“I tell stories through my art, carrying messages from the ancestors.”
In African art, snail and octopus shapes are stylized in order to convey a sense of slow motion, persistence, and determination.
My young West African girl lives in a village of houses on stilts barely above the moving, muddy waters. Her only mode of transportation is a modest canoe and a magic oar to take her places. Oar Up or Down is perhaps one of the most multifarious works of my career. As I started the quilt, not unlike the current state of the world, it felt capricious and erratic. It was then re-worked, re-envisioned, distorted and finally metamorphosed somewhere between an enormous spell-casting tarot card and a large amulet for protection.
Either way, though the protagonist has “lost” her canoe, she sits majestically resembling an African queen with a cosmic collar. Her body has anthropomorphized into an octopus-like body, her face reflected on one of the tentacles. She chooses to move more slowly, steadily, with purpose and direction. She is persistent and shows great determination. She dreams and I dream with her.
Original design on 100% silk digitally printed, original design silk-screened on 100% cotton. Original design on 100% silk, digitally printed, original de-sign silk-screened on 100% cotton, shibori, wax block printed fabric, iridescent organza, domestic batik, Indian silks, costume pearls, seed beads, mother of pearl buttons, sequins, silver beads, cotton thread French knots, hand embroidery, silver and gold hand stitching with metallic thread, hand quilted.
Credits: Photograph by Anton Ivanov/Shutterstock.com, Original designed fabric by Leslie A. Golomb digitally printed by Papilio Prints using a Kornit Digital Allegro printer, Original design by Leslie A. Golomb silkscreened by PULL-PROOF master printer Matthew Van Asselt.
Denkyem, meaning a dwarf crocodile is an Adinkra symbol and proverb of adaptability, ingenuity, cleverness and mystery. (https://symbolsage.com/denkyem-adinkra-symbol/)
The child in each of us
Paradise is home.
Home as it was
Or home as it should have been.
Paradise is one’s own place,
One’s own people,
One’s own world,
Knowing and known,
Loving and loved.
Yet every child
Is cast from paradise-
Into growth and new community,
Into vast, ongoing
by Octavia E. Butler
Parable of the Sower
Continuing my Oar Up or Down series I look further at my girl who lives above the waters of West Africa on houses with stilts. She uses a wooden canoe and her magic oar to go places, her only mode of transportation. I have a clearer view of her through the muddy waters. Though she is small, she is focused, she is resourceful, and she is clever. As she twists and turns, each stitch helps guide her on a pathway away from those who want to do her harm.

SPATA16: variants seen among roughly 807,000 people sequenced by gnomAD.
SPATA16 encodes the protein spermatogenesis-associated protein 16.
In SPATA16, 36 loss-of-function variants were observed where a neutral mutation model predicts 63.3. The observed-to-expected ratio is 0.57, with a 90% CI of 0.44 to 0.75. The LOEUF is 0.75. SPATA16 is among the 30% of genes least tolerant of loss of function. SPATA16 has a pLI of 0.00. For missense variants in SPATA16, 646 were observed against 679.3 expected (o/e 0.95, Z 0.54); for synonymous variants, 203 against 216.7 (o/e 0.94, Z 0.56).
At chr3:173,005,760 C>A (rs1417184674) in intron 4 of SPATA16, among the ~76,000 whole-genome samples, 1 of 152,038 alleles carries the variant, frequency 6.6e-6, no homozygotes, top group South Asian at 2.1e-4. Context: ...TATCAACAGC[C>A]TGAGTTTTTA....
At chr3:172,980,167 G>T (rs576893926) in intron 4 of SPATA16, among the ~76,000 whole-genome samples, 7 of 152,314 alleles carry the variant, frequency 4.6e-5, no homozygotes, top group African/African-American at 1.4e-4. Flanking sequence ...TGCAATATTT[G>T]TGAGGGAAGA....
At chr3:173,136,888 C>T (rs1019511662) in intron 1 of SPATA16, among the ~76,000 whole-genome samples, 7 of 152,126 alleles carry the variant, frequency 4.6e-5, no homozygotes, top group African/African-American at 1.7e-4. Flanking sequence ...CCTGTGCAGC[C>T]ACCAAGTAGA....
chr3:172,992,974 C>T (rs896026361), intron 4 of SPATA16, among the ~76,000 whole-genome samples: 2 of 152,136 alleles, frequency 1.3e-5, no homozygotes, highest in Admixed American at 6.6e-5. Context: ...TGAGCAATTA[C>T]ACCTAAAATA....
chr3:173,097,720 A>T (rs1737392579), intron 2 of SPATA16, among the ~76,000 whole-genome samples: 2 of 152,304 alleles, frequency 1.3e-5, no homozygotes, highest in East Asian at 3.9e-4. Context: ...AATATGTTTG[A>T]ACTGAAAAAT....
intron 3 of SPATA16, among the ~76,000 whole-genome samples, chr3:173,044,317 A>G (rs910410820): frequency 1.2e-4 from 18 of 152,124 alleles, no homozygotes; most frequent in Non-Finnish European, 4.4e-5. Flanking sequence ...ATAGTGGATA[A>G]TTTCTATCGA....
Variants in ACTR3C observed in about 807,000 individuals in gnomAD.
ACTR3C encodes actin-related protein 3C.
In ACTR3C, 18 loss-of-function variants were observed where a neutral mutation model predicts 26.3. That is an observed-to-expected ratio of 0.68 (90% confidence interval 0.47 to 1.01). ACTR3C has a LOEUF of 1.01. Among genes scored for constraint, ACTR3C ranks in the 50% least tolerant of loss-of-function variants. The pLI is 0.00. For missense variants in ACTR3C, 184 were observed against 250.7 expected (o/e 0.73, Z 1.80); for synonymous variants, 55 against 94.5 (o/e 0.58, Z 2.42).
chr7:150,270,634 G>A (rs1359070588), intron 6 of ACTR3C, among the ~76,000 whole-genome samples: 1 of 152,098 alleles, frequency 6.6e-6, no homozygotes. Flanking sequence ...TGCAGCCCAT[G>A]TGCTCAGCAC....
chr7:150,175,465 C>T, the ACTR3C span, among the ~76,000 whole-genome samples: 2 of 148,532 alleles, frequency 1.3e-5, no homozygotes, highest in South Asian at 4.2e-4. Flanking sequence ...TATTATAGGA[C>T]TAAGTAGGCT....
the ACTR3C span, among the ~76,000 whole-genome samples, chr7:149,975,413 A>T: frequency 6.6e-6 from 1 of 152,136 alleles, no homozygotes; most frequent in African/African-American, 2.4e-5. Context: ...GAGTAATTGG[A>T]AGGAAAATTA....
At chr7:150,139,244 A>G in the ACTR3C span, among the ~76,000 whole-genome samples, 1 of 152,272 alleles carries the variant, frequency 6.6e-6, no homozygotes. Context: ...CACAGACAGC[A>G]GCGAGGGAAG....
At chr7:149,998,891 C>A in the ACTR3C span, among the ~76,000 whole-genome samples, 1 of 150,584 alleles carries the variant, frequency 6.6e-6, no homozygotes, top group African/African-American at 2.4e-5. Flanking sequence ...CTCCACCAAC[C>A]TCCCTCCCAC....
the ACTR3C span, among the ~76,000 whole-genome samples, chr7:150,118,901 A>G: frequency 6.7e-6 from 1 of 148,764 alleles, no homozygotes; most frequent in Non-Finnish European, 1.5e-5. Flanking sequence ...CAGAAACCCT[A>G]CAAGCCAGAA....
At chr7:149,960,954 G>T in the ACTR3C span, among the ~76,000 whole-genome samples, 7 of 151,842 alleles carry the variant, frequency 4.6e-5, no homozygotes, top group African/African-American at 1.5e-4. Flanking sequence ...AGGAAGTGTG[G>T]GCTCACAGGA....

Digital silk-screened image on 100% silk, Original design silkscreened on 100% cotton, photo transfer onto organza, shibori, wax block printed fabric, parachute fabric, rayon, domestic 100% cotton, iridescent sequins, seed beads, cotton thread french knots, hand embroidery, iridescent thread, silver and gold metallic thread, hand stitched and quilted.
Credits: Photograph by Anton Ivanov/Shutterstock.com, Original Design by Leslie A. Golomb, silkscreened by PULLPROOF master printer Matthew Van Asselt
This piece was created during the pandemic.
It depicts how it is time for TRUTH to become the true fiber of our lives. We must lean back on the ancestors, gather our collective wisdom and our personal internal DNA and pour it into a vessel, to store it and make it accessible to others. Do the work. Search it out. It is time for TRUTH to be our guide.
Imported batik fabrics from West Africa, domestic 100% cotton, shibori, cowrie shells, sequins, french knots with cotton floss, hand embroidery, cotton and metallic threads, machine quilted.
Camouflage fabric rests over cultural symbols: a metaphor to transport the viewer back to generations of indigenous and emigrant populations. The clean sleekness of modern structures conceal the sacred monuments and pave over the indigenous and emigrant cultures and their contributions. As the shiny “new” comes forth, a channel of reverence should flow through the old foundation and reveal the spirit that shines from within. Seek the past and embrace the future with respect, pride, and dignity for those that came before.
The elements of this piece represent the different cultures that formed the landscape: hand-pieced oak leaves (Canadian), printed burlap with fleur de lis (French), Irish chain in shibori (Irish), border trim (Greek), woven print (Native American), burlap spiral (multi-national emigrant miners), printed figures (African), cross medallion (Christian).
100% cotton, printed organza, upholstery landscape fabric, wax batik landscape fabric, cotton and metallic threads, hand and machine stitched.
“In collaboration with the Greater Pittsburgh Art Council, Pittsburgh International Airport, VisitPITTSBURGH brought together a collective of exclusive artworks by 12 Pittsburgh-based artists on London’s vibrant Southbank June 3-9, 2019. Pittsburgh Art on the Bank is a multi-disciplinary showcase by well-known and emerging artists, offering an immersive presentation of the city’s diverse talent and artistry.”